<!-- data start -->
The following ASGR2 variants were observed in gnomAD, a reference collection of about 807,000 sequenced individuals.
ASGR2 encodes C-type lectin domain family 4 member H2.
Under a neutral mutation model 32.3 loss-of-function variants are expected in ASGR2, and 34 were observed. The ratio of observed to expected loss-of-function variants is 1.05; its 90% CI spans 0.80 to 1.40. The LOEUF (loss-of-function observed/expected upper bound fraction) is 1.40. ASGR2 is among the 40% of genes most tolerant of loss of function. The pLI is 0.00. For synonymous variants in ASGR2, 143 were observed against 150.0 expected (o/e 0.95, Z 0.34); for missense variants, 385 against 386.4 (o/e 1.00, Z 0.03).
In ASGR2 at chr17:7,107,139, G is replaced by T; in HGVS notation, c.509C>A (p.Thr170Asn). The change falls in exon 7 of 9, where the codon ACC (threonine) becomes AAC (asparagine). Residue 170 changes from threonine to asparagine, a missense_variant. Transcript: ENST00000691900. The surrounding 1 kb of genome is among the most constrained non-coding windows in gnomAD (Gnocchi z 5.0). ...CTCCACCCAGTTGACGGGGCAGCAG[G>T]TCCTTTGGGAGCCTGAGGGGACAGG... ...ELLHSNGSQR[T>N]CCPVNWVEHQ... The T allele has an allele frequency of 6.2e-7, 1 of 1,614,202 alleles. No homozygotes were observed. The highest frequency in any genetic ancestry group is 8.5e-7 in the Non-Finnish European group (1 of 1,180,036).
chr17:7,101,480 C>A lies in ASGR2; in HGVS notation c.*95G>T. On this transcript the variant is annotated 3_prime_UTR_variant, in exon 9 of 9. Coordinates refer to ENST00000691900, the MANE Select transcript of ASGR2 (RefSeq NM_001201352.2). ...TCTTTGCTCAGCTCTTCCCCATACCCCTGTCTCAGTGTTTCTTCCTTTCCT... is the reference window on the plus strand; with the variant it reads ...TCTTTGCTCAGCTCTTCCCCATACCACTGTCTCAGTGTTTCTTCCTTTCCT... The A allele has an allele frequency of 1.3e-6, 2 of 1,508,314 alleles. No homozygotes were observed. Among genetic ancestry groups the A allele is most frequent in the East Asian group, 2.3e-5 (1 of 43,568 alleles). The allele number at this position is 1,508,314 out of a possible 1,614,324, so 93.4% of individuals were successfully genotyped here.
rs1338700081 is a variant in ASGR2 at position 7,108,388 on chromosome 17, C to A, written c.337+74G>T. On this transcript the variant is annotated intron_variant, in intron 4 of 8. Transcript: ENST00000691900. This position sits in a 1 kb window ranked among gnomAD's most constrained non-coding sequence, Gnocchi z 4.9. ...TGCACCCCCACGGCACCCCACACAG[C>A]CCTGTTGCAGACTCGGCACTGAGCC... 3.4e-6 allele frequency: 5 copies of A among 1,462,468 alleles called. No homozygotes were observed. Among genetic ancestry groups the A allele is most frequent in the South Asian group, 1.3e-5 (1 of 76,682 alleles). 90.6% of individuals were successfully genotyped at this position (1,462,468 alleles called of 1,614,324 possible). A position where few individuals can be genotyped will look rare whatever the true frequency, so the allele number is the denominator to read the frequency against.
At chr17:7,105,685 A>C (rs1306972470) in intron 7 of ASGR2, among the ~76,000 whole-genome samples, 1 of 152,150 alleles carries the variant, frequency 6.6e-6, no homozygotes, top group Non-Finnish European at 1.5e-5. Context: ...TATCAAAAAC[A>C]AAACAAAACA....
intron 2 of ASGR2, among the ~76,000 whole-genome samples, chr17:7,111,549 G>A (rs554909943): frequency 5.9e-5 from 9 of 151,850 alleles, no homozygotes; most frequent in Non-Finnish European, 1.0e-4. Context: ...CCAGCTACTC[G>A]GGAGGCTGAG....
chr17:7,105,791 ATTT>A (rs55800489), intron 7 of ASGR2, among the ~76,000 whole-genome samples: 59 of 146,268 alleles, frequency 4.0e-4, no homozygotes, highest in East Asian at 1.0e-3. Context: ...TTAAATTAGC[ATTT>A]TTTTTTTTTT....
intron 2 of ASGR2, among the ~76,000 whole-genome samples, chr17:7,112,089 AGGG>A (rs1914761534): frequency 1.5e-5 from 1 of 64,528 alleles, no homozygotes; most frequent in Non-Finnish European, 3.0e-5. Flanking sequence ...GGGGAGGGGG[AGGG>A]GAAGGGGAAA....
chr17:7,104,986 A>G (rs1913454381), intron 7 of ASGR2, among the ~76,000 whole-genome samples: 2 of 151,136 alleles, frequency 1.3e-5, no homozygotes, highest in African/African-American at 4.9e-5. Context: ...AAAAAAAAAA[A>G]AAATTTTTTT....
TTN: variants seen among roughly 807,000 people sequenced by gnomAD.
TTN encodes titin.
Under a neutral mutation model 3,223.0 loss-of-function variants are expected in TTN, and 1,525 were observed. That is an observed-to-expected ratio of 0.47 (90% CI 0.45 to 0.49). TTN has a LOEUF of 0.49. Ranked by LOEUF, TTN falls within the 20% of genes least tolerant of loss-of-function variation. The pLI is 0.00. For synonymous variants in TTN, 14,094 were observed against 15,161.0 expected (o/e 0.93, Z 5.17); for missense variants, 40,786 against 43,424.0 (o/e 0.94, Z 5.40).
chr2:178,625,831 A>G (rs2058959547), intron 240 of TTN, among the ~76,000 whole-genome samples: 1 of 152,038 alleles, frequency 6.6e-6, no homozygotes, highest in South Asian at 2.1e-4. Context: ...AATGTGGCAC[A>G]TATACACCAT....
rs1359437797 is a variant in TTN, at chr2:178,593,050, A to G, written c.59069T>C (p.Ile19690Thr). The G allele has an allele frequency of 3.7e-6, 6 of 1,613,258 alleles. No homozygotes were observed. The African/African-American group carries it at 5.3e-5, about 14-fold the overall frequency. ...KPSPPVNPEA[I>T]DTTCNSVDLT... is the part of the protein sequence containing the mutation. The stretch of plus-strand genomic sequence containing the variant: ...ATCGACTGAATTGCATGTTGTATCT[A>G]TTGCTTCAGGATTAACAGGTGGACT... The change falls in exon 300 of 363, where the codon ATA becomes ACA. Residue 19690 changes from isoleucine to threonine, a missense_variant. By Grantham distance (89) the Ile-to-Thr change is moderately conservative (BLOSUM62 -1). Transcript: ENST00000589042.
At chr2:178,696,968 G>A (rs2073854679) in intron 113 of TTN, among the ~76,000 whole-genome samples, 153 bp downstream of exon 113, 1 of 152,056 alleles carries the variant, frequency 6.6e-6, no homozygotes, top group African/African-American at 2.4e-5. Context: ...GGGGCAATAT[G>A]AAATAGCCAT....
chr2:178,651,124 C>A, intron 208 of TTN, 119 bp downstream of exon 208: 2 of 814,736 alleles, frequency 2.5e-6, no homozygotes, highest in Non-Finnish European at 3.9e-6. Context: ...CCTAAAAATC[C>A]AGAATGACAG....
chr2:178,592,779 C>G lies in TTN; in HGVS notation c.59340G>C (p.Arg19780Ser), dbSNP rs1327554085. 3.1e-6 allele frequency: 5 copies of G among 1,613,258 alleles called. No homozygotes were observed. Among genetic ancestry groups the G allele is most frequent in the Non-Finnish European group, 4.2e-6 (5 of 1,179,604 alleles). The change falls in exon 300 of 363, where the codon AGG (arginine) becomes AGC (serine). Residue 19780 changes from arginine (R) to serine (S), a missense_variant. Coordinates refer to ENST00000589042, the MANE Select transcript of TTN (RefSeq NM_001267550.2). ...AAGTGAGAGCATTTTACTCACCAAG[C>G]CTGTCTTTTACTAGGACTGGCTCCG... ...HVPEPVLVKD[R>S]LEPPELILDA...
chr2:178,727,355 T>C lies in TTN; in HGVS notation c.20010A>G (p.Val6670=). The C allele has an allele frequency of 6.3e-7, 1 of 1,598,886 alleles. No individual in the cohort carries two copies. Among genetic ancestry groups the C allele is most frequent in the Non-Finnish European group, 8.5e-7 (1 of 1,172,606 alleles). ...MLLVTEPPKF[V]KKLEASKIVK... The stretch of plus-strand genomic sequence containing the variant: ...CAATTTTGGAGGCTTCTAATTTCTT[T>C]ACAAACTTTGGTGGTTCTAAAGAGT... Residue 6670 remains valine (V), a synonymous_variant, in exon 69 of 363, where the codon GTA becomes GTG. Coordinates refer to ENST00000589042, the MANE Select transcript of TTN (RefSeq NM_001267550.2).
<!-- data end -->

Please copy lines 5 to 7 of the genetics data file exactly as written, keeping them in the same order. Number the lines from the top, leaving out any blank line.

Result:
chr17:7,101,480 C>A lies in ASGR2; in HGVS notation c.*95G>T. On this transcript the variant is annotated 3_prime_UTR_variant, in exon 9 of 9. Coordinates refer to ENST00000691900, the MANE Select transcript of ASGR2 (RefSeq NM_001201352.2). ...TCTTTGCTCAGCTCTTCCCCATACCCCTGTCTCAGTGTTTCTTCCTTTCCT... is the reference window on the plus strand; with the variant it reads ...TCTTTGCTCAGCTCTTCCCCATACCACTGTCTCAGTGTTTCTTCCTTTCCT... The A allele has an allele frequency of 1.3e-6, 2 of 1,508,314 alleles. No homozygotes were observed. Among genetic ancestry groups the A allele is most frequent in the East Asian group, 2.3e-5 (1 of 43,568 alleles). The allele number at this position is 1,508,314 out of a possible 1,614,324, so 93.4% of individuals were successfully genotyped here.
rs1338700081 is a variant in ASGR2 at position 7,108,388 on chromosome 17, C to A, written c.337+74G>T. On this transcript the variant is annotated intron_variant, in intron 4 of 8. Transcript: ENST00000691900. This position sits in a 1 kb window ranked among gnomAD's most constrained non-coding sequence, Gnocchi z 4.9. ...TGCACCCCCACGGCACCCCACACAG[C>A]CCTGTTGCAGACTCGGCACTGAGCC... 3.4e-6 allele frequency: 5 copies of A among 1,462,468 alleles called. No homozygotes were observed. Among genetic ancestry groups the A allele is most frequent in the South Asian group, 1.3e-5 (1 of 76,682 alleles). 90.6% of individuals were successfully genotyped at this position (1,462,468 alleles called of 1,614,324 possible). A position where few individuals can be genotyped will look rare whatever the true frequency, so the allele number is the denominator to read the frequency against.
At chr17:7,105,685 A>C (rs1306972470) in intron 7 of ASGR2, among the ~76,000 whole-genome samples, 1 of 152,150 alleles carries the variant, frequency 6.6e-6, no homozygotes, top group Non-Finnish European at 1.5e-5. Context: ...TATCAAAAAC[A>C]AAACAAAACA....